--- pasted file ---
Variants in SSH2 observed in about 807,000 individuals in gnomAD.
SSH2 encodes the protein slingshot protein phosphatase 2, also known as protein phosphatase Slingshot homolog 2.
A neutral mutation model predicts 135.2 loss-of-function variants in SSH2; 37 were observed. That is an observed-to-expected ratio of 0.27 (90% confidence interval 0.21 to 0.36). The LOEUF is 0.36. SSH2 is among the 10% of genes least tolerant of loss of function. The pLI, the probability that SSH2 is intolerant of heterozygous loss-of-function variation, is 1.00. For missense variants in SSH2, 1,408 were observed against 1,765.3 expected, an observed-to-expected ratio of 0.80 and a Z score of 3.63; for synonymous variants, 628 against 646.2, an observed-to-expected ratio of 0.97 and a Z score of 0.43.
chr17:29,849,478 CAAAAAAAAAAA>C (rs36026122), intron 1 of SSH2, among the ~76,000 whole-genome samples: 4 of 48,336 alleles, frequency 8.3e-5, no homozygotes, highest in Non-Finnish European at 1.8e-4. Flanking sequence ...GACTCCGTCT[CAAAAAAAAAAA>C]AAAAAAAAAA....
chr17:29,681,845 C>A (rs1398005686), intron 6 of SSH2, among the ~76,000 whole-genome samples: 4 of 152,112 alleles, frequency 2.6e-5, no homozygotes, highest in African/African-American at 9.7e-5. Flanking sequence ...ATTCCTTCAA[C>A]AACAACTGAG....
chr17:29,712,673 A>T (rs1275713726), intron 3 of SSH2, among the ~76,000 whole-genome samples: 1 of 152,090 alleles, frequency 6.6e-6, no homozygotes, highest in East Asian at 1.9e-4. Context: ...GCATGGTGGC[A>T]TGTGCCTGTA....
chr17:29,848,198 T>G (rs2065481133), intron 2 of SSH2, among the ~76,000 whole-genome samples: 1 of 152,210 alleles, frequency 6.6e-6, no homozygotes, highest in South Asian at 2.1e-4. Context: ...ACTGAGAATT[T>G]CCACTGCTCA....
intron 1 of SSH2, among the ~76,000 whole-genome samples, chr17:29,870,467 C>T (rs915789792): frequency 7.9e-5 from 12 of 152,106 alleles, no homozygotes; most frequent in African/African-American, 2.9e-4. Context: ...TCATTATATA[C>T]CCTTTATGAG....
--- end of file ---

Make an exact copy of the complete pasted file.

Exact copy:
Variants in SSH2 observed in about 807,000 individuals in gnomAD.
SSH2 encodes the protein slingshot protein phosphatase 2, also known as protein phosphatase Slingshot homolog 2.
A neutral mutation model predicts 135.2 loss-of-function variants in SSH2; 37 were observed. That is an observed-to-expected ratio of 0.27 (90% confidence interval 0.21 to 0.36). The LOEUF is 0.36. SSH2 is among the 10% of genes least tolerant of loss of function. The pLI, the probability that SSH2 is intolerant of heterozygous loss-of-function variation, is 1.00. For missense variants in SSH2, 1,408 were observed against 1,765.3 expected, an observed-to-expected ratio of 0.80 and a Z score of 3.63; for synonymous variants, 628 against 646.2, an observed-to-expected ratio of 0.97 and a Z score of 0.43.
chr17:29,849,478 CAAAAAAAAAAA>C (rs36026122), intron 1 of SSH2, among the ~76,000 whole-genome samples: 4 of 48,336 alleles, frequency 8.3e-5, no homozygotes, highest in Non-Finnish European at 1.8e-4. Flanking sequence ...GACTCCGTCT[CAAAAAAAAAAA>C]AAAAAAAAAA....
chr17:29,681,845 C>A (rs1398005686), intron 6 of SSH2, among the ~76,000 whole-genome samples: 4 of 152,112 alleles, frequency 2.6e-5, no homozygotes, highest in African/African-American at 9.7e-5. Flanking sequence ...ATTCCTTCAA[C>A]AACAACTGAG....
chr17:29,712,673 A>T (rs1275713726), intron 3 of SSH2, among the ~76,000 whole-genome samples: 1 of 152,090 alleles, frequency 6.6e-6, no homozygotes, highest in East Asian at 1.9e-4. Context: ...GCATGGTGGC[A>T]TGTGCCTGTA....
chr17:29,848,198 T>G (rs2065481133), intron 2 of SSH2, among the ~76,000 whole-genome samples: 1 of 152,210 alleles, frequency 6.6e-6, no homozygotes, highest in South Asian at 2.1e-4. Context: ...ACTGAGAATT[T>G]CCACTGCTCA....
intron 1 of SSH2, among the ~76,000 whole-genome samples, chr17:29,870,467 C>T (rs915789792): frequency 7.9e-5 from 12 of 152,106 alleles, no homozygotes; most frequent in African/African-American, 2.9e-4. Context: ...TCATTATATA[C>T]CCTTTATGAG....